Last Updated: 2017-10-27 16:52:52 UTC
by Renato Marinho (Version: 1)
It seems that malicious Google Chrome extensions are on the rise. A couple of months ago, I posted here about two of them  which stole user credentials posted on banking websites and alike. Now, while analyzing a phishing e-mail, I went through a new malware with a slight different approach: instead of monitoring specific URLs and focusing on credentials, it captures literally all data posted by the victim on any website – thus the name.
In today’s diary, I’ll detail the aspects of “Catch-All” malware that caught my attention. Let’s start with the threat analysis diagram in Figure 1 followed by the text description in section 2.
Figure 1: “Catch-all” threat flow
2. Threat analysis
This campaign infection vector is a phishing e-mail with links to photos supposedly from the weekend pretending to be sent through Whatsapp. The subject is in Portuguese: “Segue as (Fotos Final de Semana ) Enviadas via WhatsApp (30244)”. Something like “See the (Weekend Photos) Sent via WhatsApp (30244)”;
Following any “photo” link, the victim will download the malware dropper file called “whatsapp.exe”. Once executed, “whatsapp.exe” will present a fake Adobe PDF Reader install screen, as seen in Figure 2, while downloads, unzips (output are two files, md0 and md1) and executes a “.cab” file called “md18102136.cab”, as seen in Figure 3.
Figure 2: Fake Adobe PDF Reader install screen
Figure 3: Dropper downloading malware payload
The “md18102136.cab” file is a ~9.5 Mb zip compressed that, after uncompressed, will result in two very large files of ~200Mb each as shown in Figure 4.
Figure 4: md18102136.cab content
Looking at the content of those binaries, it was possible to see that just ~3% of them had actual instructions, as seen in Figure 5. The rest are “NOP” code to bloat the file – possibly as a strategy to bypass anti-malware solutions that usually do not inspect large files.
Figure 5: Bloated binaries
Once executed, “md0” will attempt to disable Windows Firewall and kill all Google Chrome processes in order to install the malicious extension, as seen in Figure 6.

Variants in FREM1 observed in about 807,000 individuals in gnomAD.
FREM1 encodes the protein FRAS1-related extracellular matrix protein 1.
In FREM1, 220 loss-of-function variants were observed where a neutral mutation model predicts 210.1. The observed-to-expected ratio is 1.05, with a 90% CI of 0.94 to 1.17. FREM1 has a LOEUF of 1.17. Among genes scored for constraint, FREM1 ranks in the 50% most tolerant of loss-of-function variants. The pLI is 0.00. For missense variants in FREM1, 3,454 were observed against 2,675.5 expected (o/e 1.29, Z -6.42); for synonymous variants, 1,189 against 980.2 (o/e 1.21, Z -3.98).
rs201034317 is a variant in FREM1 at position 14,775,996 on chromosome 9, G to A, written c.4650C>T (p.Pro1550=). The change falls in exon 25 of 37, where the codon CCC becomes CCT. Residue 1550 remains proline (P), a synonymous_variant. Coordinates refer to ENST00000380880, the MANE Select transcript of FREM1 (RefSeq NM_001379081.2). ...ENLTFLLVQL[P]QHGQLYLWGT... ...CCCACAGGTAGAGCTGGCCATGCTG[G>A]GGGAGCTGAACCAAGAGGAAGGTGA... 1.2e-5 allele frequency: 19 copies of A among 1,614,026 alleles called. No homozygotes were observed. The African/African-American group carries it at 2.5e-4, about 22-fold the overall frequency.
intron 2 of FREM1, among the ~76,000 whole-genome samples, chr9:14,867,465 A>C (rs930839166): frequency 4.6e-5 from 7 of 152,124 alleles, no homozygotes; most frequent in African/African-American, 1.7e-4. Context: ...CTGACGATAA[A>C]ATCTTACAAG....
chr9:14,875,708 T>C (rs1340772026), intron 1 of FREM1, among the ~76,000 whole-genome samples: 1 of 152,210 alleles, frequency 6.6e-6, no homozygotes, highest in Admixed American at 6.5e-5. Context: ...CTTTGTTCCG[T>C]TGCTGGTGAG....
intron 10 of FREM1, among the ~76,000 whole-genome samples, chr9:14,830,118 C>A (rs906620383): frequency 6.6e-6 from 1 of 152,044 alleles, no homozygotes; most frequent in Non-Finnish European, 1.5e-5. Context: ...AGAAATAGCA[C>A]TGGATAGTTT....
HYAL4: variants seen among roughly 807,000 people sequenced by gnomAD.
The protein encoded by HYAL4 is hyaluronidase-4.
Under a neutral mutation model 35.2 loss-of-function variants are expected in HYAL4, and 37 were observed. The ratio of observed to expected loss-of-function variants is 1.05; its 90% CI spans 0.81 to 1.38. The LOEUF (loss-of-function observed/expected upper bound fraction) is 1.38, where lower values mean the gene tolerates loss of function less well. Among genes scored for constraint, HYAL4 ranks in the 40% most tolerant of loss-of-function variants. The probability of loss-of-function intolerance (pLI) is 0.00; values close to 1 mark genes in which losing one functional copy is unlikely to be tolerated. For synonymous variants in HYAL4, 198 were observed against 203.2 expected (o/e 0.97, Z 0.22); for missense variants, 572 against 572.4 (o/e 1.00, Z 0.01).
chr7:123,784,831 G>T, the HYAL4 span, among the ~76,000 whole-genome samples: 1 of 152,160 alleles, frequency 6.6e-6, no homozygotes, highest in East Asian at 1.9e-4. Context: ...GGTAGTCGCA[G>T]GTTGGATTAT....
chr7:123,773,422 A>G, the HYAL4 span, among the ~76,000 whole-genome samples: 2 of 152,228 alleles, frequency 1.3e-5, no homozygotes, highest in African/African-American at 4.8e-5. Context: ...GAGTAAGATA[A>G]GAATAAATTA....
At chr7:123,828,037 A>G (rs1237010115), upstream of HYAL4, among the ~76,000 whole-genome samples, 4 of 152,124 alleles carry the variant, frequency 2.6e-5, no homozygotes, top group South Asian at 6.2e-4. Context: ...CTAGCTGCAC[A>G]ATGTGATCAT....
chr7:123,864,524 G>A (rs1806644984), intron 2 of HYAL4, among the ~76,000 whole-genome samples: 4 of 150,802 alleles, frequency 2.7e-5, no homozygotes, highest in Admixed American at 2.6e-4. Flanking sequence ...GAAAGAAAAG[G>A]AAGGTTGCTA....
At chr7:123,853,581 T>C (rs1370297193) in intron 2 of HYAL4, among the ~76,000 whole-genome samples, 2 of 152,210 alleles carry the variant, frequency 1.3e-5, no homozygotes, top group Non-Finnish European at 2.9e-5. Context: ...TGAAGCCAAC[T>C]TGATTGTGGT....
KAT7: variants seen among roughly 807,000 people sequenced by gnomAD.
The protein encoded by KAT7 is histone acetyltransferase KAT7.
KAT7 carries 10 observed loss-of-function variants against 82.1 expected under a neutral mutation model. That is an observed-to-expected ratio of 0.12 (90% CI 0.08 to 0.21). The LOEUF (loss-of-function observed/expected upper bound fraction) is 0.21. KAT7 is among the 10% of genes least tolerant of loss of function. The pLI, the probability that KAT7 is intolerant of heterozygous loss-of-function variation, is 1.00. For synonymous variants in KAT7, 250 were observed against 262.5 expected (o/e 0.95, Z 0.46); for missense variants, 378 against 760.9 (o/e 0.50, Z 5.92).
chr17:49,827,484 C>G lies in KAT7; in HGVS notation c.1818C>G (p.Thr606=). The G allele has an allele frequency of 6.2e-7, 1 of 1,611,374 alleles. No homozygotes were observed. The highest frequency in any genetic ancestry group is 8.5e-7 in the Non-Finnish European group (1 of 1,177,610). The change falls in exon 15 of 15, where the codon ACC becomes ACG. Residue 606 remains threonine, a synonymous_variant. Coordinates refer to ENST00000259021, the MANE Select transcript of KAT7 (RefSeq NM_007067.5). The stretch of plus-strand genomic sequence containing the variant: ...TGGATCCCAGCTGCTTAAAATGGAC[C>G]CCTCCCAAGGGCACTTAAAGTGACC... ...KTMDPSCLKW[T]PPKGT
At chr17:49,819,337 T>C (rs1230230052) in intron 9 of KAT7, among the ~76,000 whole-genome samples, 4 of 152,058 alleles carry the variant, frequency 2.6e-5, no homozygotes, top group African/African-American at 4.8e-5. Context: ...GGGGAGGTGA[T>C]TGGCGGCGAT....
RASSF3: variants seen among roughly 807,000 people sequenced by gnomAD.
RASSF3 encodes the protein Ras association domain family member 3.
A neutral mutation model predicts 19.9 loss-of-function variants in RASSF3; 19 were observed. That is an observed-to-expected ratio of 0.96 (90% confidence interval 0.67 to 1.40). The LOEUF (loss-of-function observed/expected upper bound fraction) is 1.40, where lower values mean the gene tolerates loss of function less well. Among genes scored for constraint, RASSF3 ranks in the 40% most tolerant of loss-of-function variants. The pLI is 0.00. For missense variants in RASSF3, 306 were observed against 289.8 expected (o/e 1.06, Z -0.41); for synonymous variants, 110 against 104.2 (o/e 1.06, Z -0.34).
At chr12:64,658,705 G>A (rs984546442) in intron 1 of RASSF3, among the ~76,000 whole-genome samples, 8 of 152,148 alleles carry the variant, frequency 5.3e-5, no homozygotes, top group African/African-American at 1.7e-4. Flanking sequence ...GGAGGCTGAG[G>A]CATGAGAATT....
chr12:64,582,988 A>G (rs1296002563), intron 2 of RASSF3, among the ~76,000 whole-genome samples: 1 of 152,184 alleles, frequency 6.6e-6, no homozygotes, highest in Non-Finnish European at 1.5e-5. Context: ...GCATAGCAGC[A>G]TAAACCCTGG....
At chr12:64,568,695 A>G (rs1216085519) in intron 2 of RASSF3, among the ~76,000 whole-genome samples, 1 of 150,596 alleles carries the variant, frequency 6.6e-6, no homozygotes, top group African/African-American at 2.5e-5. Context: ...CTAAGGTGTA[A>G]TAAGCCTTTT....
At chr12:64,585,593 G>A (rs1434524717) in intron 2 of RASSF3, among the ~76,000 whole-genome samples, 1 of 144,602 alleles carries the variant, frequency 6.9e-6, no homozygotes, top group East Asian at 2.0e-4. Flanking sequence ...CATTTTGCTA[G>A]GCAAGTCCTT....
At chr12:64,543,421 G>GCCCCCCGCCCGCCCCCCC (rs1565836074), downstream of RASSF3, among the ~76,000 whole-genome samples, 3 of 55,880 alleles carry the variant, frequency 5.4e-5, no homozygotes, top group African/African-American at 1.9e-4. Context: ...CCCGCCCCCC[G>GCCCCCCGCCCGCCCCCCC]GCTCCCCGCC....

Figure 6: Disabling the Firewall and Killing Google Chrome processes
It then extracts from itself a Google Chrome extension and changes Google Chrome launcher (“.lnk”) files to load it on the next execution, as seen in Figures 7.
Figure 7: Loading malicious extension
This is the content inserted by the malware on “Target” field of Google Chrome link file:
"C:\Program Files (x86)\Google\Chrome\Application\chrome.exe" --disable-extensions-file-access-check --always-authorize-plugins --disable-improved-download-protection --load-extension="C:\Users\<USER>\AppData\Local\complemento\E1EDEAE8EFE3E0EEE0DC2610495
Note that, additionally to load the extension, it disables important security features that could avoid malicious extension to work properly.
--disable-extensions-file-access-check: disable checking for user opt-in for extensions that want to inject script into file URLs (ie, always allow it). This is used during automated testing.
--always-authorize-plugins: prevents Chrome from requiring authorization to run certain widely installed but less commonly used plug-ins.
--disable-improved-download-protection: disables improved SafeBrowsing download protection (do not verify files with built-in protection)
3. The malicious extension
Figure 8: Capturing “requestBody” content
The function “savetofile”, as seen in Figure 9, will send the captured data to a C&C server using jQuery ajax connections.
Figure 9: Leaking “requestBody” content
Debugging the extension while trying to log into Gmail, it was possible to see the content that would be sent to C&C server, as shown in Figure 10.
Figure 10: Data leaking
4. Final words
So, using such approach, an adversary would be able to capture high sensitive data with not much effort compared to standard methods. It wasn’t necessary for the attacker to attract the victim to a fake website with doubtful SSL certificates or deploying local proxies to intercept web connections. Quite the opposite, the user is accessing original and legitimate websites and all the interactions are working properly while data is captured and leaked. In other words, this method may subvert many security layers the victim may have in place.
As I mentioned in previous related posts, it sounds strange to me Google Chrome allowing extensions access sensitive form fields, like passwords, without asking for an additional user’s approval, as well as allowing an extension to silently and autonomously stablish a connection to an external entity. Additionally, browser security features that could protect user from harmful extensions can be disabled through command line arguments as in this case. Should non-tech savvy users be able to programmatically deploy rogue extensions? Comparing it to Android or iOS ecosystems, it is like allowing users to easily deploy apps not offered by official stores or another safe channel. What do you think?
5. Indicators of Compromise (IOCs)
MD5 (md0) = 72c35311136adaaf2c31d54b7d2c462e
MD5 (md1) = bbca1ced8eea1a63e4e05a7f7e368b69
MD5 (whatsapp.exe) = 713fed252238d2cbd48a18b3faa67a8e
MD5 (btwjvx.js) = 229495556791239ecf88e883124284b7
MD5 (ico.png) = 42ab831ae1520621f4117d3639b1131d
MD5 (java_128.ico) = a5c5f16f314bb022edcdb084850f0d63
MD5 (java_32.ico) = d7a6c3c105a0ab5dc39bdf5005f044b4
MD5 (java_64.ico) = 748e901736d11413f8856f9db82e7328
MD5 (manifest.json) = 214859fb1903fefb8c0142273953b4dc
MD5 (unjjmwv.js) = 5ca7582261c421482436dfdf3af9bffe